Things That Make You Go Hmmm - Such As $4.00 Gas (Again)

Tyler Durden's picture


From Grant Williams' Things That Make You Go Hmmm

After the attack on ‘speculators’ failed to lower gas prices (here’s a piece of free advice by way of a simple mathematical equation for anybody in the current Administration who may be reading: ZIRP ? Low Gas Prices), it was the turn of the other staple solution to an intractable problem; the US Strategic Petroleum Reserve (SPR):

(Montreal Gazette): A group of Democratic lawmakers in the U.S. House of Representatives is again urging President Barack Obama to aggressively use the threat of releasing oil from emergency reserves to rain on speculators driving up oil prices.


The three lawmakers are gathering signatures from others in Congress for a letter to Obama to press him to wield the 696 million barrels of oil that the government stores in salt caverns as a weapon against “rapid price escalations resulting from speculation in the oil markets.”

Last June (the 24th to be precise), it was announced that 60 million barrels of oil would be released from world reserves, with about half of that amount being taken from the SPR. Oil was trading at $91 when the announcement was made but actually rose in price - hitting $97 - before dropping to $88 once the surplus oil was introduced on July 15.

60 million barrels = $3 lower price. Hardly bang for the buck - especially as oil was back above $100 before the end of the year.

As much as the SPR is seen by many to be the panacea for high prices, the lack of available additional supply from the world’s biggest producers is a far bigger concern; one which my friend Ronni Stoeferle from Vienna wrote a fantastic report on recently entitled “Nothing To Spare” (you can email Ronni HERE for a copy of the report which is an incredibly detailed piece of work). In it he took an in-depth look at some of the supply constraints facing the world and his conclusions are, to say the least, troubling:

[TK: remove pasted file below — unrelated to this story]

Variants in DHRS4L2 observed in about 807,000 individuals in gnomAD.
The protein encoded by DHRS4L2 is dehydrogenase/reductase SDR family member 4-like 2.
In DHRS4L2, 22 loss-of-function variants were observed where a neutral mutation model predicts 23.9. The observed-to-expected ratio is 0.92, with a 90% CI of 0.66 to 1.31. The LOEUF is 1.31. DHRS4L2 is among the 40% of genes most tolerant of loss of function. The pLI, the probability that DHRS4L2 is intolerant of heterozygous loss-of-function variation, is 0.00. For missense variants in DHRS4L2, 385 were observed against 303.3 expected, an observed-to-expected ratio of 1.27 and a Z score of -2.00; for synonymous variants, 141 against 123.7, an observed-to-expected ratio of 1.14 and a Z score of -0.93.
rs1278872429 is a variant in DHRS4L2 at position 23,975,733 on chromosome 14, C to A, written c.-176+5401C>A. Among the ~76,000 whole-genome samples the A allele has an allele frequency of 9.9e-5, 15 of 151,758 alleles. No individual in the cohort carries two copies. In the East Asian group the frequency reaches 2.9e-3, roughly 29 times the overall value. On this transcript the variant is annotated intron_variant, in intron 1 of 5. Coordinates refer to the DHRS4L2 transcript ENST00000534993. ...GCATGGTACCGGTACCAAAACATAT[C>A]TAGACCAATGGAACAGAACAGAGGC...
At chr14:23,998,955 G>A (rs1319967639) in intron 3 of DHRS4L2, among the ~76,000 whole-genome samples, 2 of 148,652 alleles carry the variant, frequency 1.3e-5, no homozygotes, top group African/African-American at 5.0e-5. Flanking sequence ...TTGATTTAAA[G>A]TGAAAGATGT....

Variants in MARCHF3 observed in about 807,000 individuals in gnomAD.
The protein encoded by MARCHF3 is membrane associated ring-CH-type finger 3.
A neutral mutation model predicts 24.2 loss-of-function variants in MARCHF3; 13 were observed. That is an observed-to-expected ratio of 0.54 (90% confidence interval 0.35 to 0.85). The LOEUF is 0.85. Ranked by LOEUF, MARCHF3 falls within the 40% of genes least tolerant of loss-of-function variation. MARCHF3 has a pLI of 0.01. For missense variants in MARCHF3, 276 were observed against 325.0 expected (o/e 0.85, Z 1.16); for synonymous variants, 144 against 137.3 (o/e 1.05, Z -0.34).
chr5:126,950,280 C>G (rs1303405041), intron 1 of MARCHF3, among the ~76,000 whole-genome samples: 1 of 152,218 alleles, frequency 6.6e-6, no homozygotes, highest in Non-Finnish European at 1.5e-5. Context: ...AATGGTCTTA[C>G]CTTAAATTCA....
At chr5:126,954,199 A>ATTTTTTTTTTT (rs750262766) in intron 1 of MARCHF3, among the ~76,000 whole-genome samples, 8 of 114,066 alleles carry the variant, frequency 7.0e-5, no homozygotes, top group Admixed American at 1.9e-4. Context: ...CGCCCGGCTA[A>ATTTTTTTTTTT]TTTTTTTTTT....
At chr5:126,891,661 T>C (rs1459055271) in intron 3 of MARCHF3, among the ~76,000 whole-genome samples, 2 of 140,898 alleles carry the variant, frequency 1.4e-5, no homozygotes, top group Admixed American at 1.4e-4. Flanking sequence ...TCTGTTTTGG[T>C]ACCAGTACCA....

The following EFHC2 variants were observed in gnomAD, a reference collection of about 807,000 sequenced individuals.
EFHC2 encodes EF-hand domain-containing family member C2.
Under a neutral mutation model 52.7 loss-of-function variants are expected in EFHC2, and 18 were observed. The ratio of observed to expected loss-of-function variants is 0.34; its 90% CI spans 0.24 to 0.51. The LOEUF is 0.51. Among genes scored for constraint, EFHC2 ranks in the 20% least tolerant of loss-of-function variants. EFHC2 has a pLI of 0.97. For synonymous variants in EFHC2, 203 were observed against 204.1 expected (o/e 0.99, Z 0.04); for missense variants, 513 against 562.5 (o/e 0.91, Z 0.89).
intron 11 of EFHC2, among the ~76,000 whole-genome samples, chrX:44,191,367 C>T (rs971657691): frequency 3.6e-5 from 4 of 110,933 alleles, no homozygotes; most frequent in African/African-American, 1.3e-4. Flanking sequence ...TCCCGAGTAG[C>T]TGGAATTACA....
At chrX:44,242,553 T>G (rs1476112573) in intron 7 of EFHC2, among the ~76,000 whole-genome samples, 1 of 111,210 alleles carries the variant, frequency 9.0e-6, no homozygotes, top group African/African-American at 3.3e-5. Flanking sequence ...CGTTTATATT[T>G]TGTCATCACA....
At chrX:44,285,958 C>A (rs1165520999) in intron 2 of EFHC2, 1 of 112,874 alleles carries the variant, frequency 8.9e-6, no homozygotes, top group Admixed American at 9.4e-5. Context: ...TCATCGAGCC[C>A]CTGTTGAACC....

The still low reserve capacity makes the oil price vulnerable to geopolitical tensions. With the exception of Saudi Arabia, no country holds any significant reserve capacities. But since Saudi Arabia has never exceeded the barrier of 10 mbd on a sustainable basis, we harbor doubts as to whether the country can actually produce 12.5 mbd. Risks are that it will take a supply side crunch to find out whether the alleged reserve capacity actually exists to the extent proclaimed. At any rate, the decision of IEA to tap the strategic reserves during the Libya crisis is a clear indicator of the strained supply situation.

Ronni goes on to examine the price forecasts of many major oil producers and their projections also point the way to higher prices:

A comparison of the oil price forecasts from various oil producers reveals that, in the period of 1999 to 2010 Mexico, Saudi Arabia, and Russia made the most accurate forecasts. All three of them also came closest to the actual price last year, which is why it makes sense to listen to their expectations. For 2012 they predict substantially higher oil prices. Saudi Arabia expects an average WTI price of USD 97, Mexico forecasts USD 116, and Russia USD 120/barrel. Iran has given the highest forecast at USD 137/barrel.

But these producers have their own problems - most notably the Gulf States who, in order to calm tempers amidst last year’s Arab Spring, handed out billions of dollars to placate their angry citizens which has driven up their breakeven cost to between $80 - $90 per barrel. In fact, the sheer magnitude of the Saudi  “stimulus package’ was simply staggering. Ronni again: